Cogon grass exudes substances into the soil that suppress other plants ability to grow, allowing it to form dense colonies wherever it establishes. Large infestations of this plant can alter the fire regime by causing more frequent and intense fires, injuring or destroying some native plants and potentially damaging property. It can displace native plants used by native animals, and has been known to displace some ground-nesting animals due to the dense ground cover it creates.
What is it?
Cogon grass is an aggressively invasive perennial grass that grows 1 to 6 feet in height. It typically occurrs in leaning mats when over 3 feet tall. Long, yellow-green leaves with light, off-center midveins arise from near the base of the plant, with a short, usually hidden stem. Senesced leaves appear light orange-brown in color. In flower, it produces a silver plume; seed heads form in late winter (south) to early summer (north). New plants arise from sprawling underground stems, called rhizomes.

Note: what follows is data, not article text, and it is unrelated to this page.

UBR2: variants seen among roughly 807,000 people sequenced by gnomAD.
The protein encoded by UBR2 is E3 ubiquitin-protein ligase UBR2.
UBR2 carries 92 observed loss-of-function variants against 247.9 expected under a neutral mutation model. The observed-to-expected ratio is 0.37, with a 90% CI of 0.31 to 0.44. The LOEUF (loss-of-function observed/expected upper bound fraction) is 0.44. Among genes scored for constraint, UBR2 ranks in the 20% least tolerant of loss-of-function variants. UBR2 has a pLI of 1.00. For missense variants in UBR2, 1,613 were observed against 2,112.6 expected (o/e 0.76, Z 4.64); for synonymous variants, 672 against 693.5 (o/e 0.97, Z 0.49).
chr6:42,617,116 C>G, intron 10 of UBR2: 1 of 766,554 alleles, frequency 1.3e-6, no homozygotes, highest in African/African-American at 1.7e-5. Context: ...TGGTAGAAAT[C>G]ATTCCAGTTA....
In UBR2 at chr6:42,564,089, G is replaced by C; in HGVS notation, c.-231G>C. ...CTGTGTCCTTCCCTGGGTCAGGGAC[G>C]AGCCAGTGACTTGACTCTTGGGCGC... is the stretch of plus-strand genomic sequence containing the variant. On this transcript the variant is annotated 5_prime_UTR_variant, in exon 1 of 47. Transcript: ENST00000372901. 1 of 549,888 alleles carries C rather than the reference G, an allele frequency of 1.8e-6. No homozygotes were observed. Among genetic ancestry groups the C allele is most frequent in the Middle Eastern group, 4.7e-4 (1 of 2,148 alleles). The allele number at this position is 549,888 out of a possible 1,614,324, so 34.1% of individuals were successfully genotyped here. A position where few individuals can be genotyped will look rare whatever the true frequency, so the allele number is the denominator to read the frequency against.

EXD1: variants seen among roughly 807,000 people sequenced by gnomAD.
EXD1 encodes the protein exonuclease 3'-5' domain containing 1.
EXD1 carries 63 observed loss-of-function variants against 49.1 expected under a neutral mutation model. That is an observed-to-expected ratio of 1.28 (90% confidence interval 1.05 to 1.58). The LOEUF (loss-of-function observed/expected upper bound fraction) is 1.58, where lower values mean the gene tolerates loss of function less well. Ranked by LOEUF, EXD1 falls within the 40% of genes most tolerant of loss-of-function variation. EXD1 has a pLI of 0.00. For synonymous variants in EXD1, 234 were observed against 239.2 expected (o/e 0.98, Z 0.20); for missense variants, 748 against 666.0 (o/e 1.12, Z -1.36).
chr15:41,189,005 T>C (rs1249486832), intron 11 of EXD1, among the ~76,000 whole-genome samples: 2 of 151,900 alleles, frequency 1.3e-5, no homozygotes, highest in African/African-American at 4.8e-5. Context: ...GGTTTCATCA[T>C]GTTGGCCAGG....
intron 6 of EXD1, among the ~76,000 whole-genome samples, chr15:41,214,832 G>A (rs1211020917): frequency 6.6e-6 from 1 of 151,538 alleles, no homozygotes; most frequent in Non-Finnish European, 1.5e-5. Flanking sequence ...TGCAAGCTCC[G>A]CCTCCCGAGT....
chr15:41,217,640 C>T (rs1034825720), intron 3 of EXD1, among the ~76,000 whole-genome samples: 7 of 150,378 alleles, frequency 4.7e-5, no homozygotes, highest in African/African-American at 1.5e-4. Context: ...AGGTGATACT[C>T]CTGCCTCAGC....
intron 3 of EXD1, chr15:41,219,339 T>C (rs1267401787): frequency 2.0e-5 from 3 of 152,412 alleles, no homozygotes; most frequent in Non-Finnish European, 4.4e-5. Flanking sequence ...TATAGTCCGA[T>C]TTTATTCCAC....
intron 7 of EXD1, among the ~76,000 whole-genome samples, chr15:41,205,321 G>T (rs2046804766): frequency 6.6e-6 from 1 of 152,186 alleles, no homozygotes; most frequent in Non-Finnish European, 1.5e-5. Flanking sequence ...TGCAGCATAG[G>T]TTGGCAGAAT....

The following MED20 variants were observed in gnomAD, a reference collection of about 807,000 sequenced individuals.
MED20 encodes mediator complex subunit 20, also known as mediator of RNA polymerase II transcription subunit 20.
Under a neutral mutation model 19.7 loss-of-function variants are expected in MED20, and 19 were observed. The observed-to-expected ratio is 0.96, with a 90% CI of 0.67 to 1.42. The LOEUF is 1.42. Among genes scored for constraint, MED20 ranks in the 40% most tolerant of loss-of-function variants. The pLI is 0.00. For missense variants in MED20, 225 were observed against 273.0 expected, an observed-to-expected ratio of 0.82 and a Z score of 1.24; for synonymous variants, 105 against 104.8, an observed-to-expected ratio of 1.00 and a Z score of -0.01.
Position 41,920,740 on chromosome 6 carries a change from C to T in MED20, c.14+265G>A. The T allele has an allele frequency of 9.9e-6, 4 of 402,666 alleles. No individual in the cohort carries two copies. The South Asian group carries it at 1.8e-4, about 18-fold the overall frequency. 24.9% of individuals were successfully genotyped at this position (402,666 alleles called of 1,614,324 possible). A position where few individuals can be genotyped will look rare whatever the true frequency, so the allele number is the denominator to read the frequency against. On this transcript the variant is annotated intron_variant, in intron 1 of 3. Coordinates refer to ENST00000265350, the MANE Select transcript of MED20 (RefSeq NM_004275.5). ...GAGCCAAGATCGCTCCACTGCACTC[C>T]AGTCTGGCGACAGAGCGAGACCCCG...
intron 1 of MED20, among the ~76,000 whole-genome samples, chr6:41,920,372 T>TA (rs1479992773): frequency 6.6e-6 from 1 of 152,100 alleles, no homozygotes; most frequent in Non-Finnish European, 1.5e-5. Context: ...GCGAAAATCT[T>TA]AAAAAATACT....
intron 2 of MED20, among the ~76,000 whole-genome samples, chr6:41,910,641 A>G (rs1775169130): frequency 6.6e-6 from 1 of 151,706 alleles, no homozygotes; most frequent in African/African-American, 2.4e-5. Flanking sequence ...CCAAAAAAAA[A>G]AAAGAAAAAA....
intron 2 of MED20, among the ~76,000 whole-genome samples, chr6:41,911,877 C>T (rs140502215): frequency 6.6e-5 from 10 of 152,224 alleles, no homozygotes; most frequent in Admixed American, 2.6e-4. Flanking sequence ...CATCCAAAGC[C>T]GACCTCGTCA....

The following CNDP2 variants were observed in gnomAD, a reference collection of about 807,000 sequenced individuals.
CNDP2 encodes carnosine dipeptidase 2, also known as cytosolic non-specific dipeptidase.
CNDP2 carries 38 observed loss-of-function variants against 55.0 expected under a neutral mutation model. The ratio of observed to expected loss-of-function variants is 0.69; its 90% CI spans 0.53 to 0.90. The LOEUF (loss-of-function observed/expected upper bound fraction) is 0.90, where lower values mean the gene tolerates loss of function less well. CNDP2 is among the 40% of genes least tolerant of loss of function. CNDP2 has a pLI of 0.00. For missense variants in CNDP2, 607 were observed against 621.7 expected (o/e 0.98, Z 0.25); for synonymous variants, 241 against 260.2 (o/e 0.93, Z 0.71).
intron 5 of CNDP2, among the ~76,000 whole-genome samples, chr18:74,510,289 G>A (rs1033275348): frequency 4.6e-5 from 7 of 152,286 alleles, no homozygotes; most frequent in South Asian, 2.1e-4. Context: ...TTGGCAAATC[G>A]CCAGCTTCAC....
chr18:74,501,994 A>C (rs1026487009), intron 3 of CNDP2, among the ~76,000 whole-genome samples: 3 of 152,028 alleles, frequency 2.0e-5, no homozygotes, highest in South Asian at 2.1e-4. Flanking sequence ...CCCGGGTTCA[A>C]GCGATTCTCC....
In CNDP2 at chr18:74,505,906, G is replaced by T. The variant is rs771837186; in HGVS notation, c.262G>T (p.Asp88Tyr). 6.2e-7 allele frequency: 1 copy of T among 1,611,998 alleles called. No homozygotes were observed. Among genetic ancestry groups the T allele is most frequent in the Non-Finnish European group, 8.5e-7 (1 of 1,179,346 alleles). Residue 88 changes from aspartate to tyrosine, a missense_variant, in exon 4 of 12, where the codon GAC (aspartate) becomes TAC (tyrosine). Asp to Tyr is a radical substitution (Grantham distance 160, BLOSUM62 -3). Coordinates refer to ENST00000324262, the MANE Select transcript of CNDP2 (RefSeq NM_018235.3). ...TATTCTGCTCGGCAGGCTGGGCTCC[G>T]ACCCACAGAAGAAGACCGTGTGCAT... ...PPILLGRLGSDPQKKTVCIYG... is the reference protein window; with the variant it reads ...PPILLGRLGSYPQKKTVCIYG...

Cogon grass is native to East Africa and Asia.
Cogon grass has been introduced to the U.S. both accidentally and intentionally. It arrived as packing material in produce from Japan as well as in the ballast of ships. Cogon grass was introduced into Florida and Mississippi as forage and soil stablization.
It is now invasive across the southeastern US, with a range spreading from as far west as eastern Texas and as far north as North Carolina. A single occurrence outside cultivation has been documented in Virginia, but it was not relocated in subsequent site visits.
Cogon grass is capable of invading a variety of sites, as it grows in full sunlight to partial shade and dry to wet soils. It is tolerant of drought and high salinity. Thus, it has been found growing in the southeastern US on sand dunes, along roadsides, in forests and open fields, and up to the edge of standing water.
To achieve lasting control of cogon grass, a combination of chemical, mechanical, and prescribed fire methods is necessary. Control, then, is very expensive. Preventing establishment of cogon grass is the most cost-effective strategy.
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